Wonderchild shows versatility both musically and emotionally. The songs take a humble approach to the subject of love, touching on themes ranging from from initial infatuation and curiosity to regret, perseverance and admiration. SEDA’s dynamic vocals get the job done well enough, but just as importantly the listener comes away with the impression that when SEDA sings these lyrics, he actually means every word of them.
[Fran and Stephen are observing from the roof of the mall]
Francine Parker: What are they doing? Why do they come here?
Stephen: Some kind of instinct. Memory of what they used to do. This was an important place in their lives.
– Dawn of the Dead (1978)
Hard to believe it’s been 20 years since Barenaked Ladies’ One Week was a popular, chart topping hit. I remember driving around Tempe in the fall of 1998 listening to The Edge 106.3 FM, and it seemed like this song was on the radio every 5 minutes…sometime between songs such as Harvey Danger’s Flagpole Sitta and Third Eye Blind’s How’s It Gonna Be? These songs were heard many times on trips to and from Blockbuster Video (as well as Hollywood Video) to rent and return erotic thrillers, midnight outings to Denny’s, lonely drives to North Phoenix, my job at Abercrombie and all the rest.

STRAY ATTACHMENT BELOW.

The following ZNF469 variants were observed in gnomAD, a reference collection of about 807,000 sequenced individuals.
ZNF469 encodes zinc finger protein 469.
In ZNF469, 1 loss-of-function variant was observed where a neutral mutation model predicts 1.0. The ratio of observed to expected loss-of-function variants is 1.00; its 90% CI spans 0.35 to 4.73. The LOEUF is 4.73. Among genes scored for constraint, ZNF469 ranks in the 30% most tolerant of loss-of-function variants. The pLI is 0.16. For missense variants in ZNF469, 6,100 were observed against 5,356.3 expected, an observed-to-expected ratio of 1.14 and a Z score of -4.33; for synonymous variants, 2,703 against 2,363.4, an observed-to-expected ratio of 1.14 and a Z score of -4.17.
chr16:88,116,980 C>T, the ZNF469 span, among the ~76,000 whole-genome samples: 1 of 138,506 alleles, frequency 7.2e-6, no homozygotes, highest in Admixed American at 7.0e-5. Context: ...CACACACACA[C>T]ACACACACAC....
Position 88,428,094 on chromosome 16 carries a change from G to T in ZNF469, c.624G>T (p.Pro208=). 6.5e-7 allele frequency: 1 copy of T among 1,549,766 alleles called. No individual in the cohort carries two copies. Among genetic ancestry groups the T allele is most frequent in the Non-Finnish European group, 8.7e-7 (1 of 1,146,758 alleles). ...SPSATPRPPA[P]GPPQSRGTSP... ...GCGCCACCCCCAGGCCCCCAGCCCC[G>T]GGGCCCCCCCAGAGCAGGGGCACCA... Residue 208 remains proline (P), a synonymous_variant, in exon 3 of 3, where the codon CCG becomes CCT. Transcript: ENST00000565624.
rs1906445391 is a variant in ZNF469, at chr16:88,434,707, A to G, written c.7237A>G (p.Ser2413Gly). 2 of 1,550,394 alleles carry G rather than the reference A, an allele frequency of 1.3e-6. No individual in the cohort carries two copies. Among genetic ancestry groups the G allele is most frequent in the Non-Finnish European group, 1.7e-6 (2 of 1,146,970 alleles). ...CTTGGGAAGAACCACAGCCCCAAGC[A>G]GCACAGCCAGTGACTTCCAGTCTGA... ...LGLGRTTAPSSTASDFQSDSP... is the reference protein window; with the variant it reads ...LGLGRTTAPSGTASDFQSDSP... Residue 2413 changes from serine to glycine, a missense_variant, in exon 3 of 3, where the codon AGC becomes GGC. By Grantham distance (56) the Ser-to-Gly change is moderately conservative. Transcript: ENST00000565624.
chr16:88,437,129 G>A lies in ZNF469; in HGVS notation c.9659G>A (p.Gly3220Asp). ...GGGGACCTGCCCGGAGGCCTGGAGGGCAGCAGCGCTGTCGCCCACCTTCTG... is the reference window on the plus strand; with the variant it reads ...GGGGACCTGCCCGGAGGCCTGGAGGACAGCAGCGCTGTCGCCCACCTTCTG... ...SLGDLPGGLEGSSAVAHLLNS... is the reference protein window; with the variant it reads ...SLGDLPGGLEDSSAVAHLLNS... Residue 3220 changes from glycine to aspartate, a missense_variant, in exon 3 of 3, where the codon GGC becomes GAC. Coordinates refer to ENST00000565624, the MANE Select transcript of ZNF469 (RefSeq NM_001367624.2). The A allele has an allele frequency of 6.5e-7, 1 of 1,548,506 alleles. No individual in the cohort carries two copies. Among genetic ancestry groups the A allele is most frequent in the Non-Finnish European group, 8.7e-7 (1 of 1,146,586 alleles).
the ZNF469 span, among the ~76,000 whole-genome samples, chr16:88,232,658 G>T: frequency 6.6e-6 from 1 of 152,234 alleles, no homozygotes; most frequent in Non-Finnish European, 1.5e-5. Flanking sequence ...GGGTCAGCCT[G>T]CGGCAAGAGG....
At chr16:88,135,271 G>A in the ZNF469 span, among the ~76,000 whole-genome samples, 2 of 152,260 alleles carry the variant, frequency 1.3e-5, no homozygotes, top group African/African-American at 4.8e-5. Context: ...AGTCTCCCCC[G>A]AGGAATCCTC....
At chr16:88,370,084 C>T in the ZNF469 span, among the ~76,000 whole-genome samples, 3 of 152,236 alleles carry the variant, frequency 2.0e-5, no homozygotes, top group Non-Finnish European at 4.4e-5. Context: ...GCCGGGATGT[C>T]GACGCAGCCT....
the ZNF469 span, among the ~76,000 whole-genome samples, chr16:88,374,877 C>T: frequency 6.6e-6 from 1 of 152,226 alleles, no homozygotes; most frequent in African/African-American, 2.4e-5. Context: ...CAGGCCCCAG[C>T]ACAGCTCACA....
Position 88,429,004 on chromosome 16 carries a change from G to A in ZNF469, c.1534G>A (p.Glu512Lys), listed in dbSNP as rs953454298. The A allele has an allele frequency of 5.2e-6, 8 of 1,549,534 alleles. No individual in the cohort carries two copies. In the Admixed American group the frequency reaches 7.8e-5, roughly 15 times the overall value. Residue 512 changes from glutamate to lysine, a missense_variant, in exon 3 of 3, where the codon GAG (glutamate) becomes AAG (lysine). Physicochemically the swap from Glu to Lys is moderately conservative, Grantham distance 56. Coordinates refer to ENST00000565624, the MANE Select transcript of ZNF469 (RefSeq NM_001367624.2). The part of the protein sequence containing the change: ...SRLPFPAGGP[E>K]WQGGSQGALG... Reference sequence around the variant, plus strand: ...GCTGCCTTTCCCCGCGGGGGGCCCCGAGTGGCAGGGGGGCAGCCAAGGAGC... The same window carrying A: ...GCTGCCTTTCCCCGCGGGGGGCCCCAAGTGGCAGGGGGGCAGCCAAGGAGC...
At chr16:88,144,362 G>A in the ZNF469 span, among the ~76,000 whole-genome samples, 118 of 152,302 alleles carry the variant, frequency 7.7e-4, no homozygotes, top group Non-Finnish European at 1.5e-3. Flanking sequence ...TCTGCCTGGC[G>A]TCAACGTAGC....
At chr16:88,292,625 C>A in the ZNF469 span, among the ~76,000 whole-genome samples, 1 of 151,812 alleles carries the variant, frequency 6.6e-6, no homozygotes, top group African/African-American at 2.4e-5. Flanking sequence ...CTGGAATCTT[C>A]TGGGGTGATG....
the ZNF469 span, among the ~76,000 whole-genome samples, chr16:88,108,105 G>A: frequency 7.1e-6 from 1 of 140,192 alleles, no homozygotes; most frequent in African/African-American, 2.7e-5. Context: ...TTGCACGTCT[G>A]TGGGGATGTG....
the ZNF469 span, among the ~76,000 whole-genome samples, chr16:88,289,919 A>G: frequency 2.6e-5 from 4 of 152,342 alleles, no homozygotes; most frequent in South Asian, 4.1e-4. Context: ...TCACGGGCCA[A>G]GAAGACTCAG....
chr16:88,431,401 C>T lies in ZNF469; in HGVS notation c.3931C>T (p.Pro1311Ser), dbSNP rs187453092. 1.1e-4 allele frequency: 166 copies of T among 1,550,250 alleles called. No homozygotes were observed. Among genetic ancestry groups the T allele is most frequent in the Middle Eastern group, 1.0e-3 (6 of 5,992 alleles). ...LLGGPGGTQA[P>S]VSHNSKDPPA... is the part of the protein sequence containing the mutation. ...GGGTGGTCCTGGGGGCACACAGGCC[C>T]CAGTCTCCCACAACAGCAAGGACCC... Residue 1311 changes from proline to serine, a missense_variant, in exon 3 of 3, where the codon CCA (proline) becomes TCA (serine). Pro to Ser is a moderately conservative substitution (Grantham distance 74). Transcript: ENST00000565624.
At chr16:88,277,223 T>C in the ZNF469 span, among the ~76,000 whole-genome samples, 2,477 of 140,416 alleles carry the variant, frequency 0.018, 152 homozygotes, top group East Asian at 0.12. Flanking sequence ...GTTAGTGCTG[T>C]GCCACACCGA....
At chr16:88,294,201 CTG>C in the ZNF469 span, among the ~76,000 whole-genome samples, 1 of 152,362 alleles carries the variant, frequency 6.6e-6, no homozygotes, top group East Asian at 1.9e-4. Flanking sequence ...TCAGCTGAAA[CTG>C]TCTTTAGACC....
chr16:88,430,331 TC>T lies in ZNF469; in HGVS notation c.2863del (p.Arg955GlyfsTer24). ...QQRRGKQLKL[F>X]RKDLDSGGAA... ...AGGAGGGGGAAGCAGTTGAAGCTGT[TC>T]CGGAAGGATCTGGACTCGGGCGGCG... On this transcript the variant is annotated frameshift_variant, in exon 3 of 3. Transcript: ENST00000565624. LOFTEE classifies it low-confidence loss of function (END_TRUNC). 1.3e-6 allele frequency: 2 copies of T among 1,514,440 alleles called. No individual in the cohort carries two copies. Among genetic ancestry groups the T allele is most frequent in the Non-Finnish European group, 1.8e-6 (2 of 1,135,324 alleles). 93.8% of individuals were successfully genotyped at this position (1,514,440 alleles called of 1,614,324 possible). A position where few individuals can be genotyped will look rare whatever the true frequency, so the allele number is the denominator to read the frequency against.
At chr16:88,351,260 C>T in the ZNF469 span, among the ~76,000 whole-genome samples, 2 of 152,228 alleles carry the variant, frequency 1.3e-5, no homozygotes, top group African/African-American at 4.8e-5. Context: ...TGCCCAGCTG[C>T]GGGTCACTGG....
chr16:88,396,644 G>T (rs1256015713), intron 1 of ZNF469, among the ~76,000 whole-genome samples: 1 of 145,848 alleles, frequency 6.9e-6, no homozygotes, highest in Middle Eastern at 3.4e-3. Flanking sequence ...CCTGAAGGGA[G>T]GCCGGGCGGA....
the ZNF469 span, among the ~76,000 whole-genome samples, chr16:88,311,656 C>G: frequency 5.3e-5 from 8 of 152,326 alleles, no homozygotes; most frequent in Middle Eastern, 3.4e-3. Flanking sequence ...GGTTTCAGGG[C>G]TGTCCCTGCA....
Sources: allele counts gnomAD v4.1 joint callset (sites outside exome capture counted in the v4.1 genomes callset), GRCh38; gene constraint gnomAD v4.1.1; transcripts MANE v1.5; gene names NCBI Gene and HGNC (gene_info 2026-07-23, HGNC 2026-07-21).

One Week was one of those cheesy songs that I would have never admitted to liking but knew the words to and would secretly enjoy when it came on. It wasn’t passionately hated enough for me to like ironically, the way I later did with boy bands and Vitamin C, it was at least preferable to rapcore, a genre which I loathe to this day. In 1998, I would have complained about all the music on the radio sucking except the oldies station. This seems laughable in the context of today, when nearly every pop song is processed gibberish. In hindsight, we didn’t know how good we had it!One Week has the feel of a relic from a much more innocent and carefree era. It might as well be 100 years ago and a different country. The plethora of pop culture references in the lyrics are characteristic of Generation X works made at what Bret Easton Ellis refers to as the “height of the empire.”